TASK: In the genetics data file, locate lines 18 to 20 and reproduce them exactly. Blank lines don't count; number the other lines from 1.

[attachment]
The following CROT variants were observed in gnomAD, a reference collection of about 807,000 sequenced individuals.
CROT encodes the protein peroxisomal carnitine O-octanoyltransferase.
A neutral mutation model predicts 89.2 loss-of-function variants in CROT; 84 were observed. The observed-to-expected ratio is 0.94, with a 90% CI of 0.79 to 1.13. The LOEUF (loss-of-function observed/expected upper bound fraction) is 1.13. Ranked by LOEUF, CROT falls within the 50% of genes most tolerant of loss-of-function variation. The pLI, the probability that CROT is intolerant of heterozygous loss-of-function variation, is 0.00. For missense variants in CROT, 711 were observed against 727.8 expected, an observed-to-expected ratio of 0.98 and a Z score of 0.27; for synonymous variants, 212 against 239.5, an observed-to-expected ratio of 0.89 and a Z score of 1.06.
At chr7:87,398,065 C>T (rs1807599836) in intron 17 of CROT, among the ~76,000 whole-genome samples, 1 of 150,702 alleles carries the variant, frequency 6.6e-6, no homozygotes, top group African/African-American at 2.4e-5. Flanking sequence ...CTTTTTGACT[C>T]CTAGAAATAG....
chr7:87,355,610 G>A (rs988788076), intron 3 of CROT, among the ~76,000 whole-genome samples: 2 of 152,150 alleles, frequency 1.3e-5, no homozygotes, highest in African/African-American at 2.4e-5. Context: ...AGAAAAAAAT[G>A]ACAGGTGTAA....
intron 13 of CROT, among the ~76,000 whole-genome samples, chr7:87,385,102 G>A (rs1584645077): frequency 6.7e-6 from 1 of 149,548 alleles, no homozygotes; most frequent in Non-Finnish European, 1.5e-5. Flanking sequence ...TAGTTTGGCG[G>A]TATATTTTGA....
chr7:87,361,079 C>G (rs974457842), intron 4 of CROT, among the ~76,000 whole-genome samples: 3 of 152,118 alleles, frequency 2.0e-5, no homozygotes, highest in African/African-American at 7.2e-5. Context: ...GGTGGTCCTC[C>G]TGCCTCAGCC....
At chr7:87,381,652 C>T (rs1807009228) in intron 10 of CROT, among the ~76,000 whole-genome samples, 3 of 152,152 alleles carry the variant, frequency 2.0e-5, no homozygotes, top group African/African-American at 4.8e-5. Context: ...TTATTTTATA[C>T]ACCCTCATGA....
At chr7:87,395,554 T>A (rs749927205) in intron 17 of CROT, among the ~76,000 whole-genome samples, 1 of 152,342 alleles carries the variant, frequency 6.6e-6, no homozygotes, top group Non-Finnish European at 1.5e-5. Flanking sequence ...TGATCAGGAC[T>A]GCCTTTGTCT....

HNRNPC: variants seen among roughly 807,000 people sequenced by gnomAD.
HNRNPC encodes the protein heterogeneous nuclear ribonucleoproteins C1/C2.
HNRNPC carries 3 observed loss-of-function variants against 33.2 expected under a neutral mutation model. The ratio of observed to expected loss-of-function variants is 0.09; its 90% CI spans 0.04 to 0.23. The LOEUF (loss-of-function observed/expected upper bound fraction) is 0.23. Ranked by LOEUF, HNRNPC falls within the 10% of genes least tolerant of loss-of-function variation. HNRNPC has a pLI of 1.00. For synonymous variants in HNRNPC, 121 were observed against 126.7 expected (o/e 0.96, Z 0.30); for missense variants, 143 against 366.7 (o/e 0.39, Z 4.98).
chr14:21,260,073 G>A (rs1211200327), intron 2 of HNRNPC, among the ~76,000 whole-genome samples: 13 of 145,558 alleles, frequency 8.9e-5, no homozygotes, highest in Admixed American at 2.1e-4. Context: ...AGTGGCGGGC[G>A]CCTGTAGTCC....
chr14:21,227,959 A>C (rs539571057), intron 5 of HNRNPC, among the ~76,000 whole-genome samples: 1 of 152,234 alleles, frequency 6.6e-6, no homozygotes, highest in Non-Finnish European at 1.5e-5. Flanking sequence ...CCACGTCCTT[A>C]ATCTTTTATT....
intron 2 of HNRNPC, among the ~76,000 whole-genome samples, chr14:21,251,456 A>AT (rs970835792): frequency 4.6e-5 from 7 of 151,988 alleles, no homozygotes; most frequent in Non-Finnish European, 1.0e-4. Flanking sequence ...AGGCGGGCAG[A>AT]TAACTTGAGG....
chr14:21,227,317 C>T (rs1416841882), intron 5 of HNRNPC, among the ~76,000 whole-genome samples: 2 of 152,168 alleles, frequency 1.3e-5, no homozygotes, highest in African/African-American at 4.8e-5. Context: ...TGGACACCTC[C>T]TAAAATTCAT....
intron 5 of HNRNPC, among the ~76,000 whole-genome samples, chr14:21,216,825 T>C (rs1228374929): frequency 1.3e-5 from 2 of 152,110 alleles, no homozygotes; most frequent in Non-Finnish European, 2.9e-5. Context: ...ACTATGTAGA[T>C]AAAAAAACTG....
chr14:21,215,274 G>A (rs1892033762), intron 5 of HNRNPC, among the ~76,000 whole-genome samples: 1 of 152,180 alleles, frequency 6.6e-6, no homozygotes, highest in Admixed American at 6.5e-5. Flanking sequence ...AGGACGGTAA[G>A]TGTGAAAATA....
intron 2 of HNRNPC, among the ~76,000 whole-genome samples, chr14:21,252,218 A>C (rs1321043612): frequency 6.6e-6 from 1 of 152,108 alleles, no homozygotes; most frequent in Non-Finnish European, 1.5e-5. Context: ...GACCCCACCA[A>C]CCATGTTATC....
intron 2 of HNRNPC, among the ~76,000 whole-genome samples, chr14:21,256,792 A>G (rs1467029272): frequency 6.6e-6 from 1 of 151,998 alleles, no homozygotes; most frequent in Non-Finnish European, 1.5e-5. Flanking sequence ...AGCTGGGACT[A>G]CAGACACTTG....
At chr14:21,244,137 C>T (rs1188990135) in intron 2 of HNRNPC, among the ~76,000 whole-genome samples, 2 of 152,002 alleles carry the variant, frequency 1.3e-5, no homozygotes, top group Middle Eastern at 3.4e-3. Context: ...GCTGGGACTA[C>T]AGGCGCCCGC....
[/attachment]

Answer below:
chr14:21,215,274 G>A (rs1892033762), intron 5 of HNRNPC, among the ~76,000 whole-genome samples: 1 of 152,180 alleles, frequency 6.6e-6, no homozygotes, highest in Admixed American at 6.5e-5. Flanking sequence ...AGGACGGTAA[G>A]TGTGAAAATA....
intron 2 of HNRNPC, among the ~76,000 whole-genome samples, chr14:21,252,218 A>C (rs1321043612): frequency 6.6e-6 from 1 of 152,108 alleles, no homozygotes; most frequent in Non-Finnish European, 1.5e-5. Context: ...GACCCCACCA[A>C]CCATGTTATC....
intron 2 of HNRNPC, among the ~76,000 whole-genome samples, chr14:21,256,792 A>G (rs1467029272): frequency 6.6e-6 from 1 of 151,998 alleles, no homozygotes; most frequent in Non-Finnish European, 1.5e-5. Flanking sequence ...AGCTGGGACT[A>G]CAGACACTTG....